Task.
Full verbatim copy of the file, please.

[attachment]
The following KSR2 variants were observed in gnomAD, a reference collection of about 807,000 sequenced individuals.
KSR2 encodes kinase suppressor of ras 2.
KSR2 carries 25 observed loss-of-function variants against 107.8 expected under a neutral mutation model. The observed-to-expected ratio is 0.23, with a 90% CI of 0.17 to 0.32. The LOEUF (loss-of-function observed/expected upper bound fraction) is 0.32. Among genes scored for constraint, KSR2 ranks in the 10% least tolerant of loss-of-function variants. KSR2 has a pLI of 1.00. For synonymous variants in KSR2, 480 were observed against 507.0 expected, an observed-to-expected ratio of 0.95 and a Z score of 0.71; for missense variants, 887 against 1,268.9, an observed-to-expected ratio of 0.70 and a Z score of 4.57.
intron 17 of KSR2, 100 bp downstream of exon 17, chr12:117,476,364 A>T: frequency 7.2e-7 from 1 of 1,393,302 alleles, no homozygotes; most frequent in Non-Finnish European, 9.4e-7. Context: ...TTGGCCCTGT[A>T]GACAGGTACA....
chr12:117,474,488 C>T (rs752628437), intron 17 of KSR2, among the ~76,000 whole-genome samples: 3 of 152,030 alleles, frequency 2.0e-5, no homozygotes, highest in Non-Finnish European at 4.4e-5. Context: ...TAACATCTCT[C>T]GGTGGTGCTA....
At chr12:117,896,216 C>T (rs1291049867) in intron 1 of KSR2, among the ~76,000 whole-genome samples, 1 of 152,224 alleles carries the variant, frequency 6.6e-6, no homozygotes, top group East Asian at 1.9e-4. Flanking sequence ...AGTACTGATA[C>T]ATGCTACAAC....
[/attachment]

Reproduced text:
The following KSR2 variants were observed in gnomAD, a reference collection of about 807,000 sequenced individuals.
KSR2 encodes kinase suppressor of ras 2.
KSR2 carries 25 observed loss-of-function variants against 107.8 expected under a neutral mutation model. The observed-to-expected ratio is 0.23, with a 90% CI of 0.17 to 0.32. The LOEUF (loss-of-function observed/expected upper bound fraction) is 0.32. Among genes scored for constraint, KSR2 ranks in the 10% least tolerant of loss-of-function variants. KSR2 has a pLI of 1.00. For synonymous variants in KSR2, 480 were observed against 507.0 expected, an observed-to-expected ratio of 0.95 and a Z score of 0.71; for missense variants, 887 against 1,268.9, an observed-to-expected ratio of 0.70 and a Z score of 4.57.
intron 17 of KSR2, 100 bp downstream of exon 17, chr12:117,476,364 A>T: frequency 7.2e-7 from 1 of 1,393,302 alleles, no homozygotes; most frequent in Non-Finnish European, 9.4e-7. Context: ...TTGGCCCTGT[A>T]GACAGGTACA....
chr12:117,474,488 C>T (rs752628437), intron 17 of KSR2, among the ~76,000 whole-genome samples: 3 of 152,030 alleles, frequency 2.0e-5, no homozygotes, highest in Non-Finnish European at 4.4e-5. Context: ...TAACATCTCT[C>T]GGTGGTGCTA....
At chr12:117,896,216 C>T (rs1291049867) in intron 1 of KSR2, among the ~76,000 whole-genome samples, 1 of 152,224 alleles carries the variant, frequency 6.6e-6, no homozygotes, top group East Asian at 1.9e-4. Flanking sequence ...AGTACTGATA[C>T]ATGCTACAAC....